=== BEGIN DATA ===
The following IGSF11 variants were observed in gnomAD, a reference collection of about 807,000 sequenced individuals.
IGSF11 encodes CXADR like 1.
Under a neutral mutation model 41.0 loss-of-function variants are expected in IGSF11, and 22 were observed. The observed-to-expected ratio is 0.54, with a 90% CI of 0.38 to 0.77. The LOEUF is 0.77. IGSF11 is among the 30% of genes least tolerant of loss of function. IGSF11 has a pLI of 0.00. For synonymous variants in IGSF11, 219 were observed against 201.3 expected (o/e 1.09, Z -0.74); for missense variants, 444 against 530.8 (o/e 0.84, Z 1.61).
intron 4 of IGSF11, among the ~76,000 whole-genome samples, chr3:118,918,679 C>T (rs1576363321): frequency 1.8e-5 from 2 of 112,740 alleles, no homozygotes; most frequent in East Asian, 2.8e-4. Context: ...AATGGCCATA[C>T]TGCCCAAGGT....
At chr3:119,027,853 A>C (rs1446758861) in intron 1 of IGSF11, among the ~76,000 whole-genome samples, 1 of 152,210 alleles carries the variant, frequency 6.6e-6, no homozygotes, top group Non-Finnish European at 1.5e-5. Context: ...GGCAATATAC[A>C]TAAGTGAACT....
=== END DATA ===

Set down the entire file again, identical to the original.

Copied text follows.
The following IGSF11 variants were observed in gnomAD, a reference collection of about 807,000 sequenced individuals.
IGSF11 encodes CXADR like 1.
Under a neutral mutation model 41.0 loss-of-function variants are expected in IGSF11, and 22 were observed. The observed-to-expected ratio is 0.54, with a 90% CI of 0.38 to 0.77. The LOEUF is 0.77. IGSF11 is among the 30% of genes least tolerant of loss of function. IGSF11 has a pLI of 0.00. For synonymous variants in IGSF11, 219 were observed against 201.3 expected (o/e 1.09, Z -0.74); for missense variants, 444 against 530.8 (o/e 0.84, Z 1.61).
intron 4 of IGSF11, among the ~76,000 whole-genome samples, chr3:118,918,679 C>T (rs1576363321): frequency 1.8e-5 from 2 of 112,740 alleles, no homozygotes; most frequent in East Asian, 2.8e-4. Context: ...AATGGCCATA[C>T]TGCCCAAGGT....
At chr3:119,027,853 A>C (rs1446758861) in intron 1 of IGSF11, among the ~76,000 whole-genome samples, 1 of 152,210 alleles carries the variant, frequency 6.6e-6, no homozygotes, top group Non-Finnish European at 1.5e-5. Context: ...GGCAATATAC[A>C]TAAGTGAACT....